household dogs would often show more concern than the children, hovering nearby or
nudging their owners, or gently resting their head on the distressed person’s lap.
... Yvette Watt, an artist and animal advocate in Hobart, Tasmania, told Marc the
following story about two dogs. One is a well-fed and happy canine, the other a
sad dog who is always tied to a rope. The happy dog’s daily walk takes him by his
unfortunate neighbor. One night, the happy dog eats his usual dinner, but saves
his meaty bone. The next morning, he carries the meaty bone on his walk, and delivers
it to his tethered friend.
... Knuckles is the only known captive chimpanzee with cerebral palsy, which leaves
him handicapped both physically and mentally and unable to function as a normal member
of his chimpanzee group. What’s surprising about Knuckles is not just that he himself
manages to survive with a debilitating disease, but that the other chimpanzees in
his group treat him differently. The community apparently understands that Knuckles
is different, and adjust their behavior accordingly. Although a young male would
normally be subjected to intimidating displays of aggression by older males, Knuckles
is rarely subjected to such treatment. Even the alpha male is tolerant of Knuckles
and grooms him gently. Knuckles’ friends empathize with him and as a result treat
“Wild Justice – the moral lives of animals” – Marc Bekoff and Jessica Pierce
Many animals, however, certainly sympathise with each other’s distress or danger.
This is the case even with birds. Captain Stansbury found on a salt lake in Utah
an old and completely blind pelican, which was very fat, and must have been well
fed for a long time by his companions. Mr. Blyth, as he informs me, saw Indian crows
feeding two or three of their companions which were blind; and I have heard of an
analogous case with the domestic cock.
“The Descent of Man” – Charles Darwin (via “Wild Justice”)
An old female named Peony spends her days with other chimpanzees in a large outdoor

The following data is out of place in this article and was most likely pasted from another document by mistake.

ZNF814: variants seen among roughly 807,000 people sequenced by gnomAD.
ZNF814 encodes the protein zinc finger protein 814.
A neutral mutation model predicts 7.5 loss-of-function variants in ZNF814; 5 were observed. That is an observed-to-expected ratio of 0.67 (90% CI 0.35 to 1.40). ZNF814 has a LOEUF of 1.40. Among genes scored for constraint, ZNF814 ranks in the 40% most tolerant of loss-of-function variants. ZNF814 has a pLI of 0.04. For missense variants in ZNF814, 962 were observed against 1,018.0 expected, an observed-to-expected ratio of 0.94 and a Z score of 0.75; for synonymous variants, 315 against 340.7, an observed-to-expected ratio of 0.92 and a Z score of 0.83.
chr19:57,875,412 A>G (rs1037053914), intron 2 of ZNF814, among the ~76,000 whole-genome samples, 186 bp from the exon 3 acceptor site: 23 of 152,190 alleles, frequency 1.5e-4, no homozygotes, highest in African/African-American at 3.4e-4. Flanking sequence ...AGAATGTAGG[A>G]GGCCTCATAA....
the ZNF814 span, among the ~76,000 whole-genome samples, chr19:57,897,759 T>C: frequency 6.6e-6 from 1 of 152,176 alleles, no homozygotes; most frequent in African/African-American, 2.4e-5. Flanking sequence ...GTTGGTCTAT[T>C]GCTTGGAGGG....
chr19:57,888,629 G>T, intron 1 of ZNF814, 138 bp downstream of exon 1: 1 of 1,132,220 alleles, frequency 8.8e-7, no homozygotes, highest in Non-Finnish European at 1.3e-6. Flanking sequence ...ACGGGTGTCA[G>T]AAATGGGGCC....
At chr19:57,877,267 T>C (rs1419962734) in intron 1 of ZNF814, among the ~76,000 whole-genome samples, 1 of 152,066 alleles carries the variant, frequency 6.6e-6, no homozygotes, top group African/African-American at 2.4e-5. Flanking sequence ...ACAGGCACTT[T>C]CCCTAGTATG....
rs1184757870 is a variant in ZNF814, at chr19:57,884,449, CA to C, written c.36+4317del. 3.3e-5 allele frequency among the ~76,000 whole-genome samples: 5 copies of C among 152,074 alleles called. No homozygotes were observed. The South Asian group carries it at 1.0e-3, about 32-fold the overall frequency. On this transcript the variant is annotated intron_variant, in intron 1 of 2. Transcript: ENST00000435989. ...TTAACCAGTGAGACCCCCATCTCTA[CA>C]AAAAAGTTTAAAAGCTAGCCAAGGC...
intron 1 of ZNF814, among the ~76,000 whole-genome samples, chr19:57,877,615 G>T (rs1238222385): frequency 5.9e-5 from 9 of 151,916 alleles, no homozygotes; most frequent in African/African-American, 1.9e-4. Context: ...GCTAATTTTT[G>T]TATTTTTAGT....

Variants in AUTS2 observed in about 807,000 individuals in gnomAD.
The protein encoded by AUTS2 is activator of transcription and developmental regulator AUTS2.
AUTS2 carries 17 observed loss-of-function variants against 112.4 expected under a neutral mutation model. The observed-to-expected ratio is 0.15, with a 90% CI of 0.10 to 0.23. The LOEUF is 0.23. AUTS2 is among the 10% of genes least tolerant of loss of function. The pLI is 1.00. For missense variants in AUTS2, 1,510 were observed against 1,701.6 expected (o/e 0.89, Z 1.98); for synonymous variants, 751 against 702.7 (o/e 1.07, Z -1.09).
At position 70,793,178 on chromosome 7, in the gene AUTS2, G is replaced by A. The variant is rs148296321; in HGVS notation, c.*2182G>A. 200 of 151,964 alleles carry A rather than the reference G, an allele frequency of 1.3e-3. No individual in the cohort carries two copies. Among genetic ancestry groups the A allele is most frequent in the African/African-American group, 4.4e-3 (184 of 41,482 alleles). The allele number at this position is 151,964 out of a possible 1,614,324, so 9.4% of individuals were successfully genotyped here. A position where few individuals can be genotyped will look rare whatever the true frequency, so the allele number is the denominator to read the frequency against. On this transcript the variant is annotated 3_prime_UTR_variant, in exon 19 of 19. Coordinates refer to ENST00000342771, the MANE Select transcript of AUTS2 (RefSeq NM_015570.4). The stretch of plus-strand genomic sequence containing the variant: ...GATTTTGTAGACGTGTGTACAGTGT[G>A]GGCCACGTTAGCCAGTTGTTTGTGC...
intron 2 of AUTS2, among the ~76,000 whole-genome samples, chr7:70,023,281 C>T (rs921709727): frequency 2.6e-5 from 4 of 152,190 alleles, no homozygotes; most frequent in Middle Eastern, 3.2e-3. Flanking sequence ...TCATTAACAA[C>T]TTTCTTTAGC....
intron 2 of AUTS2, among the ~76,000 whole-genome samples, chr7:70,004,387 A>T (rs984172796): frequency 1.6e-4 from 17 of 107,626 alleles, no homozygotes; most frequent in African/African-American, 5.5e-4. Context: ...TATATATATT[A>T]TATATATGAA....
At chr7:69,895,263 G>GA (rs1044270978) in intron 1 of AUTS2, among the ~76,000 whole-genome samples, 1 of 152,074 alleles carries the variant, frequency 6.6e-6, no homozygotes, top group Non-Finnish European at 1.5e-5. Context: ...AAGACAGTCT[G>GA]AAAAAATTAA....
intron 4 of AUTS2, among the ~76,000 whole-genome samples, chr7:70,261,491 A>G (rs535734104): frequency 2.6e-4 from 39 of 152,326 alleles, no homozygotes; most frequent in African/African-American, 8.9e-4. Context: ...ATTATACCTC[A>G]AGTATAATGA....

enclosure near Atlanta, Georgia. On bad days when her arthritis is acting up she
has great trouble walking and climbing. But other females help her out. For example,
Peony is huffing and puffing to get up into the climbing frame in which several chimpanzees
have gathered for a grooming session. An unrelated younger female moves behind her,
places both hands on her ample behind and pushes her up with quite a bit of effort
until Peony joins the rest.
... Washoe, the world’s first language-trained chimp, heard another female scream
and hit the water. Fouts and Mills (1997) describe how Washoe raced across two electric
wires, which normally contained the apes, to reach the victim and waded into the
slippery mud to reach the wildly thrashing female and grab one of her flailing arms
to pull her to safety. This was a courageous act given that chimpanzees do not swim
and are extremely hydrophobic. Washoe barely knew this female, having met her only
a few hours before.
Frans de Waal – “Empathy in Primates and Other Mammals” in “Empathy – from Bench
to Bedside” edited by Jean Decety
Explanations in terms of mental calculations (“If I help her now, she will help me
in the future”) don’t cut it: Why would anyone risk life and limb for such a shaky
prediction? Only immediate emotions can make one abandon all caution.
Unrelated elephants sometimes help one another to their feet as in the description
below of a dying matriarch, named Eleanor, on a Kenyan game reserve:
Eleanor was found with a swollen trunk which she was dragging on the ground. She
stood still for a while, then took a few slow small steps before falling heavily
to the ground. Two minutes later, Grace [matriarch of a different group], rapidly
approached with tail raised and streaming with temporal gland secretion. She lifted
Eleanor with her tusks back on to her feet. Eleanor stood for a short while, but
was very shaky. Grace tried to get Eleanor to walk by pushing her, but Eleanor fell
again facing the opposite direction to her first fall. Grace appeared very stressed,
vocalizing, and continuing to nudge and push Eleanor with her tusks.
Motivations for targeted helping (helping in response to need)
1. offspring / relatives
The ultimate (evolutionary) motivation for helping relatives and offspring is known
as kin selection, which operates at the level of the gene.
In kin selection, helping behaviour is selectively directed towards family members.
This is because family members possess a proportion of our own genes, so in helping